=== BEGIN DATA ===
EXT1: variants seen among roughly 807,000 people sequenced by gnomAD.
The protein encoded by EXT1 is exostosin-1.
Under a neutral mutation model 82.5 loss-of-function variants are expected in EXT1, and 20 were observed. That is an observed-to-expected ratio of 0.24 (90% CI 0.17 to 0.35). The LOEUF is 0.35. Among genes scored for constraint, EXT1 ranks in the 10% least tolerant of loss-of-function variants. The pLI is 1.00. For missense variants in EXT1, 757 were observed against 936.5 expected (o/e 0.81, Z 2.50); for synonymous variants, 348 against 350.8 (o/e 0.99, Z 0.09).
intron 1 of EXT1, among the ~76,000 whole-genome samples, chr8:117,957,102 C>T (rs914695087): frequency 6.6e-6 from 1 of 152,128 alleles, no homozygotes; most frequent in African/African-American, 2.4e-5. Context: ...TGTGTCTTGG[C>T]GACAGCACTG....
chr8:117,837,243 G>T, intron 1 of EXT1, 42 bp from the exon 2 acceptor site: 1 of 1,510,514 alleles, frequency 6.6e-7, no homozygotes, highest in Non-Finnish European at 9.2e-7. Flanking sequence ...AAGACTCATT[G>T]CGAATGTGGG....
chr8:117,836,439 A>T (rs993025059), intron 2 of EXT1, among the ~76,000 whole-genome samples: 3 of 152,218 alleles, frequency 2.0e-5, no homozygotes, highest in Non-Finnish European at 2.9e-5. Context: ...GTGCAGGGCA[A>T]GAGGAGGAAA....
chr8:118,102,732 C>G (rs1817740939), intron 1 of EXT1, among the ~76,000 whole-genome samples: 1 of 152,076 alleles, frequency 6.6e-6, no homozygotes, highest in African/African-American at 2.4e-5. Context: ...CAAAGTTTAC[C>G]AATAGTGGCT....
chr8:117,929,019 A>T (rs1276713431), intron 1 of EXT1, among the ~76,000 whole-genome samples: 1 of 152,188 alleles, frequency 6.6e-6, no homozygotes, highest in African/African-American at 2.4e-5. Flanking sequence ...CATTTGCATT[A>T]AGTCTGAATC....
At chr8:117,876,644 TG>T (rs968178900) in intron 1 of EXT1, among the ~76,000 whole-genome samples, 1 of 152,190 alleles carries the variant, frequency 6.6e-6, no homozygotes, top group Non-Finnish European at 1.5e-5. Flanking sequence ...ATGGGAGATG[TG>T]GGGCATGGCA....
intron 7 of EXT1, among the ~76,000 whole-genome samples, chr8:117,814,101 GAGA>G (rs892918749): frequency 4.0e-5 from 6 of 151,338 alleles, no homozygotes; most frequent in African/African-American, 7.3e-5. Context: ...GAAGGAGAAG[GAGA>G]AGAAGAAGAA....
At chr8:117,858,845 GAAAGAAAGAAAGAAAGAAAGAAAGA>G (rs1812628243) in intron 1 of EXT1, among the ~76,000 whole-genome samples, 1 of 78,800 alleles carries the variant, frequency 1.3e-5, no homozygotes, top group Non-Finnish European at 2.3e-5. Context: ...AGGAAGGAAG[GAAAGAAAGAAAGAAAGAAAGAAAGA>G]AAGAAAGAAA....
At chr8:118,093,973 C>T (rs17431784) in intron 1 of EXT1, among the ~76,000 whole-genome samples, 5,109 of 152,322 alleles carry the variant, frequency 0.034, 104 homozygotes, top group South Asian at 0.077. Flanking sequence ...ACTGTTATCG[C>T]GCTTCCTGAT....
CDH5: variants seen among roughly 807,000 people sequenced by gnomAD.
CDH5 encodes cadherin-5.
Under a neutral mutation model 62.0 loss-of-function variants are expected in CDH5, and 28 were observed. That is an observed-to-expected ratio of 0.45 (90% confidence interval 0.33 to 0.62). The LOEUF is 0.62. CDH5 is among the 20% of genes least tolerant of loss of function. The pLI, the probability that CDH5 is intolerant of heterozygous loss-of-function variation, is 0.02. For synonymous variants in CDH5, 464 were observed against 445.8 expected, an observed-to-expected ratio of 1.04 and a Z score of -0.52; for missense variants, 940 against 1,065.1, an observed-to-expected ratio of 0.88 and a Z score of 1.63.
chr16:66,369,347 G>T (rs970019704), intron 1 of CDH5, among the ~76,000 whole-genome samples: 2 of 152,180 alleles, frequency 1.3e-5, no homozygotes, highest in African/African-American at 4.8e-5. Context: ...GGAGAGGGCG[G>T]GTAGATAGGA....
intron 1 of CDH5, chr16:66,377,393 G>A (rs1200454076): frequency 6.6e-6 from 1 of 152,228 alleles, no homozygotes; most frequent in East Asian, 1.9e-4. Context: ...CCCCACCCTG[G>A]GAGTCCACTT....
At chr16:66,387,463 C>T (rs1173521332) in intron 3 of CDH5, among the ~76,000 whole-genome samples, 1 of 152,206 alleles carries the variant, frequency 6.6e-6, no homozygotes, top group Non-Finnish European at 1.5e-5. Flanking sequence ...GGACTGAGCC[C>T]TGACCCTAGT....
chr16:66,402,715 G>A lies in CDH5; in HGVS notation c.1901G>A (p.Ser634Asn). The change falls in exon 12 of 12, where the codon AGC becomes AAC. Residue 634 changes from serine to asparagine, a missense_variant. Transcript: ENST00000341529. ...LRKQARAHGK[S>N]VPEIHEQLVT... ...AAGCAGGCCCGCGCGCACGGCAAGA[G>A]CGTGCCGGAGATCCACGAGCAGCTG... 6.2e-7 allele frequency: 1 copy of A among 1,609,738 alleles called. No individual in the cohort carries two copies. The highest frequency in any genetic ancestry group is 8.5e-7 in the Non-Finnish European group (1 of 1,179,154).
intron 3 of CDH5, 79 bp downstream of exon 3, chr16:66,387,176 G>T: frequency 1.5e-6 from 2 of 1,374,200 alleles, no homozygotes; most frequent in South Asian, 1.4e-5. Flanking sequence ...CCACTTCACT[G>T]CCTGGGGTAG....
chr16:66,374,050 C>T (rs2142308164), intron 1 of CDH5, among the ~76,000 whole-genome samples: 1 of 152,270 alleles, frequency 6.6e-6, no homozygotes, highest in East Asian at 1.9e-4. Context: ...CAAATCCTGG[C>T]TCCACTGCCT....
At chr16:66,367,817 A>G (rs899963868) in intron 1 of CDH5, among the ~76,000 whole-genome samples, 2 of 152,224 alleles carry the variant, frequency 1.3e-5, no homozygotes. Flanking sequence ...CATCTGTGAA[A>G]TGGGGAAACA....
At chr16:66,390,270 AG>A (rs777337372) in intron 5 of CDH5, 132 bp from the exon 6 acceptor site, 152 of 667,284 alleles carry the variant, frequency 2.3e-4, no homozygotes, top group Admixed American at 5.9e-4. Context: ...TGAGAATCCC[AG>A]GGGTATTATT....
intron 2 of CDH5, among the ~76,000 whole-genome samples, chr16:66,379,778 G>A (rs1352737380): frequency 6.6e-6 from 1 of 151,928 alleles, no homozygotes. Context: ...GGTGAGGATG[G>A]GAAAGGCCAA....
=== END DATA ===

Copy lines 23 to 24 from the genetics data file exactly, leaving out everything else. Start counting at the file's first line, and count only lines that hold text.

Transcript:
At chr16:66,390,270 AG>A (rs777337372) in intron 5 of CDH5, 132 bp from the exon 6 acceptor site, 152 of 667,284 alleles carry the variant, frequency 2.3e-4, no homozygotes, top group Admixed American at 5.9e-4. Context: ...TGAGAATCCC[AG>A]GGGTATTATT....
intron 2 of CDH5, among the ~76,000 whole-genome samples, chr16:66,379,778 G>A (rs1352737380): frequency 6.6e-6 from 1 of 151,928 alleles, no homozygotes. Context: ...GGTGAGGATG[G>A]GAAAGGCCAA....